Nordstrom Inc., which built its reputation on how it interacts with customers face to face, is gearing up for a not-too-distant future in which its salespeople will interact with shoppers through two-way television screens.
The Seattle-based department store chain told shareholders at its annual meeting yesterday that it would launch a series of direct marketing efforts over the next several years, including a full-scale catalog operation and possible participation in televised shopping programs. But co-Chairman James Nordstrom made it clear that full interactivity is its ultimate goal.
"It's a format that closely matches the Nordstrom style of personalized service," Mr. Nordstrom said. "It is our intention to be a major player in this new arena."
Dan Nordstrom, general manager of Nordstrom's newly created direct sales division, estimated that 1 million U.S. homes would have interactive capability within three years and 50 million within 10 years.
"A good critical mass between three to five years is what we're expecting," he said.
As he envisions the process, you would turn on your television set and see a display similar to a computer screen, offering you a variety ofshopping choices. After choosing Nordstrom, you would be able to browse through a video catalog or get in touch with a "personal shopper."
The personal shopper would not only take your order, but also would be able to electronically lead you through various departments -- sometimes occupying the full screen and other times retreating to a small "window" in the computer screen so you could view the merchandise.
"It's going to feel as close to real shopping as you can get in your living room," Dan Nordstrom said.
Nordstrom was not interested in developing the hardware that would make home shopping possible, he said, but the company is holding discussions with potential partners who would provide the electronic infrastructure.
Nordstrom said yesterday that its first step toward television sales would be to launch its own full-fledged mail catalog service beginning next spring. Dan Nordstrom said the sales and distribution infrastructure Nordstrom would build for the catalog could form the basis for future television distribution.
The executive, who is James Nordstrom's son, said the company, which has 50 department stores and 13 Nordstrom Rack clearance stores, had been encouraged by the success of a private label catalog it sent out with little fanfare in January.
He said the new catalog would carry branded merchandise as well as private label merchandise, adding that he did not know what the relative mix would be.
The company's announcement also said its new direct sales division would explore the idea of using existing home shopping channels to sell its wares, but so far the company has not made any commitments.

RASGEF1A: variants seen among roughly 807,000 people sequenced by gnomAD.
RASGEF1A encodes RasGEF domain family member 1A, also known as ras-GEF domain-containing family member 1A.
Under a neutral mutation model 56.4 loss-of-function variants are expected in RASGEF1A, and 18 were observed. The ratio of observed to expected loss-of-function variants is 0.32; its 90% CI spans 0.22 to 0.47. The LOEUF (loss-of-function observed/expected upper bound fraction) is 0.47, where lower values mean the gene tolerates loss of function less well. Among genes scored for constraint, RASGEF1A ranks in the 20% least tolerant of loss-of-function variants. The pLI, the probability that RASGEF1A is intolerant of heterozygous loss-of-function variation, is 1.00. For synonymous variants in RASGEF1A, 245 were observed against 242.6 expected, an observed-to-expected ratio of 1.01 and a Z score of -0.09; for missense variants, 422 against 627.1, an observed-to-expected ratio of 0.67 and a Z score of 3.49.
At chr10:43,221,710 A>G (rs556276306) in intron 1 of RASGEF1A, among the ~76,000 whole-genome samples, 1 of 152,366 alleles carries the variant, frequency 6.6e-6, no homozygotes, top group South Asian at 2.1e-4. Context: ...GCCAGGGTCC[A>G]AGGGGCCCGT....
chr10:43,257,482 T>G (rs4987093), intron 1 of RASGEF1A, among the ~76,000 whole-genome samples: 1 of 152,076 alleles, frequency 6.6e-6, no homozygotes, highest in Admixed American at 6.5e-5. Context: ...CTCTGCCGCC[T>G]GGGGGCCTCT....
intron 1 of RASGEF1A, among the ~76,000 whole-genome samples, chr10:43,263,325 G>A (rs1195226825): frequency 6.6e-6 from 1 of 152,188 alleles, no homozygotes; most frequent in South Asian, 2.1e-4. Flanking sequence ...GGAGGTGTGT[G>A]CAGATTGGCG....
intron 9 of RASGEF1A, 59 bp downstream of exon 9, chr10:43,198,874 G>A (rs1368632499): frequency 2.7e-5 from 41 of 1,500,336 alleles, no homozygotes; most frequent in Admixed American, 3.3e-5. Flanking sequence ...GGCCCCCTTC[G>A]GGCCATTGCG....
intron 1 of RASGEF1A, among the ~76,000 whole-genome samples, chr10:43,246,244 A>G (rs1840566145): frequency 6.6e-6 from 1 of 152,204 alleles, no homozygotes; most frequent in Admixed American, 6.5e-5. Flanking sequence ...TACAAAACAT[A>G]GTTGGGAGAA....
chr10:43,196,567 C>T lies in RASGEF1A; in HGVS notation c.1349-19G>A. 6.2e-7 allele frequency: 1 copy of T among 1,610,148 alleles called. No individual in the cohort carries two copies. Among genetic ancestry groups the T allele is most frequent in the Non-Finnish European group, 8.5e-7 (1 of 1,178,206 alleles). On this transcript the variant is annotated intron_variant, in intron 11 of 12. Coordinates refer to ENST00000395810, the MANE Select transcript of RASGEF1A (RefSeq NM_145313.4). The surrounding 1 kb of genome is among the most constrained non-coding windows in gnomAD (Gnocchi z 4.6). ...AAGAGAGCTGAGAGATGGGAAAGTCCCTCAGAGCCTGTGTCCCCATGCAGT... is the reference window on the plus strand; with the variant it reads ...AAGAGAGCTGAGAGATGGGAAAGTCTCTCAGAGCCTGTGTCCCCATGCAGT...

If Nordstrom strikes a deal for a "Nordstrom Show" on either of the major shopping networks, it would undoubtedly be with West Chester, Pa.-based QVC, analysts said.
Its rival, Tampa, Fla.-based Home Shopping Network, is known for its hard-sell tactics and has been mired in controversy over its financial dealings.
Dan Nordstrom said the company was not holding negotiations with QVC but added that some Nordstrom officials have joined the parade of retail executives who have visited the network since former Fox Broadcasting Chairman Barry Diller became chairman of QVC early this year.
Mr. Nordstrom said company officials would be watching closely for the results of Saks Fifth Avenue's segment on the QVC shopping network this Saturday -- the first venture into TV sales by one of the leading upscale U.S. department store chains.
The reaction among industry experts to Nordstrom's announcement was mixed yesterday.
Jennifer Black Groves, an analyst who follows Nordstrom for Black & Co. in Portland, Ore., said Nordstrom's reputation would serve it well in the televised market.
"If anybody can be successful at it, I think they would be," Ms. Groves said. "The quality is not a question."
But Alan Millstein, publisher of the Fashion Network Report in New York, called the Nordstrom announcement a "defensive reaction" after the chain posted a 48 percent first-quarter earnings decline last week.
"Nordstrom management, since they just showed a lousy statement, has to pull a rabbit out of the hat," Mr. Millstein said.
He said Nordstrom's entry into televised shopping would do little to help the credibility of the once-scorned TV shopping medium because "Saks is the big enchilada" and it has already made its move.
"Even beleaguered Macy's is saying they're going onto TV," Mr. Millstein added. "It's fashionable to say you're involved now with one of the cable shopping networks."
Nordstrom closed yesterday in Nasdaq trading at $27.75, down 12.5 cents a share.